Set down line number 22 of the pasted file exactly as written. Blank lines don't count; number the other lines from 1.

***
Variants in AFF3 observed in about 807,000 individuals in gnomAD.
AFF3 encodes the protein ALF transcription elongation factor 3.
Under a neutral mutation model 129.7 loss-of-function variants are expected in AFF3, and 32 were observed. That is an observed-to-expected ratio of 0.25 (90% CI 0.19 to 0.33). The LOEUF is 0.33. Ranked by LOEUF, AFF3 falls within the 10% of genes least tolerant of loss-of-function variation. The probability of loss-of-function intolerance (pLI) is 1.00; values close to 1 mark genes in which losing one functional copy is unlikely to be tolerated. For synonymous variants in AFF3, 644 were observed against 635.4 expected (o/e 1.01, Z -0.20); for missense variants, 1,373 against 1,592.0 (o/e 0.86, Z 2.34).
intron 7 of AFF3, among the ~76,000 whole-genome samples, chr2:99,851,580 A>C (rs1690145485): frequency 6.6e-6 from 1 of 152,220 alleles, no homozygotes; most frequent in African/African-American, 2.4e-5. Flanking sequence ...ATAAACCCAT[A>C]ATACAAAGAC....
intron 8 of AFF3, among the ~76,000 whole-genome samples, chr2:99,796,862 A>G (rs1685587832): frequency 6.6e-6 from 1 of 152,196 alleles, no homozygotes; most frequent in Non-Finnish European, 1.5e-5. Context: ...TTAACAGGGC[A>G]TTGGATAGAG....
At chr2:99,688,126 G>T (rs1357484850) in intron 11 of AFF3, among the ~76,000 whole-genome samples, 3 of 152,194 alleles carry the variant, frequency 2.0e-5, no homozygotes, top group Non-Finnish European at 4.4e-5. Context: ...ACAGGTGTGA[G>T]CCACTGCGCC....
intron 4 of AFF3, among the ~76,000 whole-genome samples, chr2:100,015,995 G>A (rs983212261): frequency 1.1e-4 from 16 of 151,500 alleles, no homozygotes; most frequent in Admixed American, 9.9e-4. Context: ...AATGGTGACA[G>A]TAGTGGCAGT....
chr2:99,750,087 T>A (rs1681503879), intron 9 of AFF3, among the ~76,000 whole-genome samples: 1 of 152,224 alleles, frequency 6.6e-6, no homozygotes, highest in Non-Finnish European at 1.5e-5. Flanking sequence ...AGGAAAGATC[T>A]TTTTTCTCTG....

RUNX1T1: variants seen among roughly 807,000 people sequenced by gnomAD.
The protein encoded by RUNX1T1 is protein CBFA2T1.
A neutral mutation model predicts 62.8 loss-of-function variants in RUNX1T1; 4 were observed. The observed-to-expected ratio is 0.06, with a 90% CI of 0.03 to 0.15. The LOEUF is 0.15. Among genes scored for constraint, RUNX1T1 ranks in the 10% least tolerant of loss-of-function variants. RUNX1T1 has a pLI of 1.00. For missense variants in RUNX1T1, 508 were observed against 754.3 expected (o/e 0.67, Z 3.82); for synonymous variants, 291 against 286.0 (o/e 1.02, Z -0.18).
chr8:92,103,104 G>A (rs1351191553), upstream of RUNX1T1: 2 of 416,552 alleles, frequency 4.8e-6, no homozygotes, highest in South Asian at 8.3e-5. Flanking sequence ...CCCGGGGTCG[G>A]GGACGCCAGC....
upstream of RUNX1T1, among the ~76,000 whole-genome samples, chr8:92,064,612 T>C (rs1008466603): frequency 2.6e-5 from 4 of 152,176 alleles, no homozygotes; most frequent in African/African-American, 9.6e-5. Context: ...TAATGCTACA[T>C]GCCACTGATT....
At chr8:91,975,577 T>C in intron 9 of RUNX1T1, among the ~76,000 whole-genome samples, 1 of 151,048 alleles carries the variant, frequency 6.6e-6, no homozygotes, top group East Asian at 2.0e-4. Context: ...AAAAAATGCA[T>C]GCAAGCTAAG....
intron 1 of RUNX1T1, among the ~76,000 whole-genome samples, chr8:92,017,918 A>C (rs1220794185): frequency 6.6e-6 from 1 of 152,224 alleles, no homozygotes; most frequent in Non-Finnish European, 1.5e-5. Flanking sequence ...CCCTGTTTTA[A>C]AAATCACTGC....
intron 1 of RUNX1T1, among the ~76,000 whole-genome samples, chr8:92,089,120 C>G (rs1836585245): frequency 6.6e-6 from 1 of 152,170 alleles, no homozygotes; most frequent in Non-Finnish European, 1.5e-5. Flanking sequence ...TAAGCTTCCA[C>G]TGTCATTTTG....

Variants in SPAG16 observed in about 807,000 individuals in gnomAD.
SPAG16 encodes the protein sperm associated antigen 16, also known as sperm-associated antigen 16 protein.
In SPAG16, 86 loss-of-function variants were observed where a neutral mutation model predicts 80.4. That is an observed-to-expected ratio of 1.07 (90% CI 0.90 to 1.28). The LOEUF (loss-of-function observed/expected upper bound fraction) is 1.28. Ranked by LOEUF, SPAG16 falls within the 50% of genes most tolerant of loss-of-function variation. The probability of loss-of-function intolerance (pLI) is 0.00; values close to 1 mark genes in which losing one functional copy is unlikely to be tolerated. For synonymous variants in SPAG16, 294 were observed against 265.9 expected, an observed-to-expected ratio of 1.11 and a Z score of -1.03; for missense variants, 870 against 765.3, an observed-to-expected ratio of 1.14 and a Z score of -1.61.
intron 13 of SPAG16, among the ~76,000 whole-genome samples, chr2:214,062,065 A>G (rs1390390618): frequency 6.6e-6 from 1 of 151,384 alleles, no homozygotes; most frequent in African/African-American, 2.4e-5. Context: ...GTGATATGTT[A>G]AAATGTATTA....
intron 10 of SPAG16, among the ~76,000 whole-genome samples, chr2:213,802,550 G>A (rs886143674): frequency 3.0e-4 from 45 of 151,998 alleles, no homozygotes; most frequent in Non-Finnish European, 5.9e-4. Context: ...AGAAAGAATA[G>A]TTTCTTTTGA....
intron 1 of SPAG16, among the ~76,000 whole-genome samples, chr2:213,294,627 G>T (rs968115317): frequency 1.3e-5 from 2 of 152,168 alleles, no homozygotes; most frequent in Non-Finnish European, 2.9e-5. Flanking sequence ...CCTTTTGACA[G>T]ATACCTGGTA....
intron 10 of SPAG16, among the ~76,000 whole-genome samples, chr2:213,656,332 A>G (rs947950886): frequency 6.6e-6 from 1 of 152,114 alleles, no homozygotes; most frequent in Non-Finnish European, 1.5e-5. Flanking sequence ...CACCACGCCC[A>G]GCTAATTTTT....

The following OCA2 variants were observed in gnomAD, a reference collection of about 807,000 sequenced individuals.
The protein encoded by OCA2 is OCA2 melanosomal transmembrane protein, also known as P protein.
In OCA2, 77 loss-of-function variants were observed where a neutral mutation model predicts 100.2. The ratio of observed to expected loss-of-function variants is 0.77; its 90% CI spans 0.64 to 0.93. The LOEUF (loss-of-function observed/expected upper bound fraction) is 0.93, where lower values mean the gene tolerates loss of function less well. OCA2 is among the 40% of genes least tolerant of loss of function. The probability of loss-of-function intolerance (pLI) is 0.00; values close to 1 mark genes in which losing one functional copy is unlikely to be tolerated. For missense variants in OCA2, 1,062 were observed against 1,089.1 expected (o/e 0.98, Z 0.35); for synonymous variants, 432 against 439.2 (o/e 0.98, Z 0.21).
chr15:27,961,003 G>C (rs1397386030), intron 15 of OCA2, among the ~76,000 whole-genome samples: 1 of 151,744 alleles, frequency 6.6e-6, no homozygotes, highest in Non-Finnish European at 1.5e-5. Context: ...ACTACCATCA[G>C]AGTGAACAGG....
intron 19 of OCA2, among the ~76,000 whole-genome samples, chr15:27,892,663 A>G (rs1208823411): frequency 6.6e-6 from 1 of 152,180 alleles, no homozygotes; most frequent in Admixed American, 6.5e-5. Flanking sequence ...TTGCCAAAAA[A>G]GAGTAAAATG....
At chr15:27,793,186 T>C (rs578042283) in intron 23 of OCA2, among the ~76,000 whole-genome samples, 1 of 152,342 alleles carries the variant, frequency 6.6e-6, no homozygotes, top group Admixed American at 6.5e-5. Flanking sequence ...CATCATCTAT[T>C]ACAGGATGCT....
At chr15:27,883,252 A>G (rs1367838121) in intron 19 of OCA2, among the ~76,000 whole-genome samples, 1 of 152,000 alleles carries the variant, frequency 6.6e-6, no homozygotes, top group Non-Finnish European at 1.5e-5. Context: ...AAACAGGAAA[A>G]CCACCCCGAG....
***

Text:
intron 1 of SPAG16, among the ~76,000 whole-genome samples, chr2:213,294,627 G>T (rs968115317): frequency 1.3e-5 from 2 of 152,168 alleles, no homozygotes; most frequent in Non-Finnish European, 2.9e-5. Flanking sequence ...CCTTTTGACA[G>T]ATACCTGGTA....